4451American public left in dark on US war aims in Iraq
- Aug 6, 2002American public left in dark on US war aims in Iraq
By Patrick Martin
6 August 2002
The discussion that has broken out in official Washington over when and
how to go to war with Iraq is in no sense a genuine public debate.
Representatives of various factions of the ruling eliteBush administration
officials, congressional leaders of the Democratic and Republican parties,
the military-intelligence establishmentare weighing in. But the American
people are excluded. There is no genuine democratic content in these
discussions, which include, among other topics, intensive consideration of
how to manipulate public opinion.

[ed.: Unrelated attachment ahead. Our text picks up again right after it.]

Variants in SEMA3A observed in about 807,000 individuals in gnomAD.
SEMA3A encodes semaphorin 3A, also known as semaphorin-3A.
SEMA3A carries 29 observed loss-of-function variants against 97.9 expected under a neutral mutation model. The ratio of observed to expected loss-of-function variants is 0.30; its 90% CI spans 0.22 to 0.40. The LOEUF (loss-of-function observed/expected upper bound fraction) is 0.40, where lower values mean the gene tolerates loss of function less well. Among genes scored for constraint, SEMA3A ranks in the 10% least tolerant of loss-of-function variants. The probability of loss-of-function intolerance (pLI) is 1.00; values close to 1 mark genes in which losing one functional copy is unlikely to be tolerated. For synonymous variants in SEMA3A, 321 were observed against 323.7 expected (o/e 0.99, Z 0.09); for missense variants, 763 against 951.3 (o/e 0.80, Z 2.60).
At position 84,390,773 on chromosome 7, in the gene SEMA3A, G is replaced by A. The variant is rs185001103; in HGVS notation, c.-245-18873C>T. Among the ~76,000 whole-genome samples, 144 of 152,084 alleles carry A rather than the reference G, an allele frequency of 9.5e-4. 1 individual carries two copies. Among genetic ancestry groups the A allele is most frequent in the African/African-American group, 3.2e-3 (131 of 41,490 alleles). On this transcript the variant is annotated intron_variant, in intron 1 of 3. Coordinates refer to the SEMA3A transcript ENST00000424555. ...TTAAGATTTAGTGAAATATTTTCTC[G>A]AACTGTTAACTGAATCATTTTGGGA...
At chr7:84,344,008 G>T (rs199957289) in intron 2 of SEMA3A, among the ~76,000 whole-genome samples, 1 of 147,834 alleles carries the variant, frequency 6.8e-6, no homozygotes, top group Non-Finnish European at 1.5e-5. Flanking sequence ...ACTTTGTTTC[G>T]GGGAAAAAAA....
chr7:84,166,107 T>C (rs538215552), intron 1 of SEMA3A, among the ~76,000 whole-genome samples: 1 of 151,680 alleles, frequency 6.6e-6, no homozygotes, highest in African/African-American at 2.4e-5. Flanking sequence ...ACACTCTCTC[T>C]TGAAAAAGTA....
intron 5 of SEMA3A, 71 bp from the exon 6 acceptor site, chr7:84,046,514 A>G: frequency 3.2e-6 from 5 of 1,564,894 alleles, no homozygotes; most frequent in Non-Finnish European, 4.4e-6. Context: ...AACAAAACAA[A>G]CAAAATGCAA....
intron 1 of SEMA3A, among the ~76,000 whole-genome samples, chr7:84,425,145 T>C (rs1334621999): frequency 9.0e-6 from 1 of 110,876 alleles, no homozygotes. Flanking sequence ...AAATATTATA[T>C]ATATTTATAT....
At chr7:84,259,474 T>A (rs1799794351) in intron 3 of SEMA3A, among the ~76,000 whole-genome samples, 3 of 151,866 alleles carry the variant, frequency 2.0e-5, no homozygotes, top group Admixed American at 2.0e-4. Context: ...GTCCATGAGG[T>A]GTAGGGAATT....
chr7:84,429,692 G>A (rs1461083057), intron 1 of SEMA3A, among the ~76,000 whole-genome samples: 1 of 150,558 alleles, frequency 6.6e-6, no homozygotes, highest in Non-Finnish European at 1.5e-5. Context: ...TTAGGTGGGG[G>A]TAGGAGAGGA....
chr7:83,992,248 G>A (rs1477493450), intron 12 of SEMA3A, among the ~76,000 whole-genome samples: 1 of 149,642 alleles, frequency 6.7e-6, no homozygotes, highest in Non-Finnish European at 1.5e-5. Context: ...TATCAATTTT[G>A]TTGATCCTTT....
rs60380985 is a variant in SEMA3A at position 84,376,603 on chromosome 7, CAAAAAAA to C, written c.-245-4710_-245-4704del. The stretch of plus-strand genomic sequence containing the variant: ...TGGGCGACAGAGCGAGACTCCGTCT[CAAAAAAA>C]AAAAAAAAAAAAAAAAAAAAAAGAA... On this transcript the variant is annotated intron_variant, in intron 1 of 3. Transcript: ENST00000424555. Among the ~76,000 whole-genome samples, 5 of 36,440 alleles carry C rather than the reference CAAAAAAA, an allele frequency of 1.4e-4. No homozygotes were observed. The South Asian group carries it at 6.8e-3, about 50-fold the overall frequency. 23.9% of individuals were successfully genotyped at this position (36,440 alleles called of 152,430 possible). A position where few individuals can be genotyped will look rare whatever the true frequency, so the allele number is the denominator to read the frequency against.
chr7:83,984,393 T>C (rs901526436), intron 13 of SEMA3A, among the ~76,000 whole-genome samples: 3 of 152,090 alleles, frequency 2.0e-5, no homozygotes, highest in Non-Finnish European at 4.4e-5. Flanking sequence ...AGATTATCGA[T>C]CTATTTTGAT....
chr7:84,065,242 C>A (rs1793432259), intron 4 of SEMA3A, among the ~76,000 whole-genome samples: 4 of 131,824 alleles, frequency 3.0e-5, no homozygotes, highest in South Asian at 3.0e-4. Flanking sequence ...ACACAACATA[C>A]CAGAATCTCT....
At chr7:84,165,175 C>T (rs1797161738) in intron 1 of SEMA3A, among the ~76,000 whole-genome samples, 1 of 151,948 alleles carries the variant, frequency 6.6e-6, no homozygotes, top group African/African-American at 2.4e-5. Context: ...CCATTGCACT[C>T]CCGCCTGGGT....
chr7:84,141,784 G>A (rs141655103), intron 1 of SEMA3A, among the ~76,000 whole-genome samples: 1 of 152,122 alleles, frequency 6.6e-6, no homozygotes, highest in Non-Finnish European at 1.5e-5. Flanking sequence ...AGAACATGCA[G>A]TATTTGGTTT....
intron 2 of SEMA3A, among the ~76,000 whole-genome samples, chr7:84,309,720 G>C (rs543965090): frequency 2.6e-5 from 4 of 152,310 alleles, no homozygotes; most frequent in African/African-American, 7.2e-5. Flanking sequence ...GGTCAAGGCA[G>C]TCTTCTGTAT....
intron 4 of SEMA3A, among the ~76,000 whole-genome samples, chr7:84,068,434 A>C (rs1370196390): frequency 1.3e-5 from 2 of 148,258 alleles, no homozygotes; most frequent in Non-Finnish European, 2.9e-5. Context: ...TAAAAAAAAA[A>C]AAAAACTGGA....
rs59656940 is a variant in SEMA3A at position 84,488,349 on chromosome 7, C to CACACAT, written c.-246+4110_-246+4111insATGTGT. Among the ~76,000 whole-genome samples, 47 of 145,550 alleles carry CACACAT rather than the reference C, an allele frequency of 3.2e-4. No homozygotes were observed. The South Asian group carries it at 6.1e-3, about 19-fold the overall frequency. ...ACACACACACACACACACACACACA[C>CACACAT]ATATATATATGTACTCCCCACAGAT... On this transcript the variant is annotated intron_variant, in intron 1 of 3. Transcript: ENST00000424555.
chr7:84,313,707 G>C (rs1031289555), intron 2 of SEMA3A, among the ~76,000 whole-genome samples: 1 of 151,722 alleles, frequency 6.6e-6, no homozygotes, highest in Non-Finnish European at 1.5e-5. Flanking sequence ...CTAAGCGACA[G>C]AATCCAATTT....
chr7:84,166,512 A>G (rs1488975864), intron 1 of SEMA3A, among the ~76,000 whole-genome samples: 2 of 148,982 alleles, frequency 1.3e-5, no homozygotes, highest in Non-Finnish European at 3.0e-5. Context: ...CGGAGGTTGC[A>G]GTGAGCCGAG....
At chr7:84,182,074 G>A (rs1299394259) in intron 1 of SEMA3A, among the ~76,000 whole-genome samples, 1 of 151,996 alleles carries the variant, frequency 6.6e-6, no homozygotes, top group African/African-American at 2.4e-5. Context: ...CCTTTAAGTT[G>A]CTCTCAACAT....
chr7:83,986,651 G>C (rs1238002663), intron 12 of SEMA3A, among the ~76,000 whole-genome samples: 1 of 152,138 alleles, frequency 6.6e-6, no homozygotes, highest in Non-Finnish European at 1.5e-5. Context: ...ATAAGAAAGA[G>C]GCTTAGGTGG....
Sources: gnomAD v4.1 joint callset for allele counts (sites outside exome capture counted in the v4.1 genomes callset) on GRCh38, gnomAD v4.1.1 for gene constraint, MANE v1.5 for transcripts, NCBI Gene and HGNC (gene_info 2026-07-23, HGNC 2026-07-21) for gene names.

The very terms of the debate at Senate hearings held July 31-August 1
revealed the cynical and sinister character of the congressional
proceedings. Speaker after speaker agreed that Saddam Hussein should be
removed as Iraqi ruler and that the United States government had the right
to carry out a policy of regime change in a country on the other side of
the world. The only differences expressed were over the best methods for
accomplishing this goaland the best means for selling such a war to the
The official US debate might be entitled, with apologies to Pirandello,
Six Wars in Search of a Pretext. The entire political and media
establishment agrees on the goal of war with Iraq. But different factions
propose rival scenarios.
Some advocate the Afghan model: the use of high-tech weaponry, CIA spies
and a small force of US troops on the ground, combined with massive air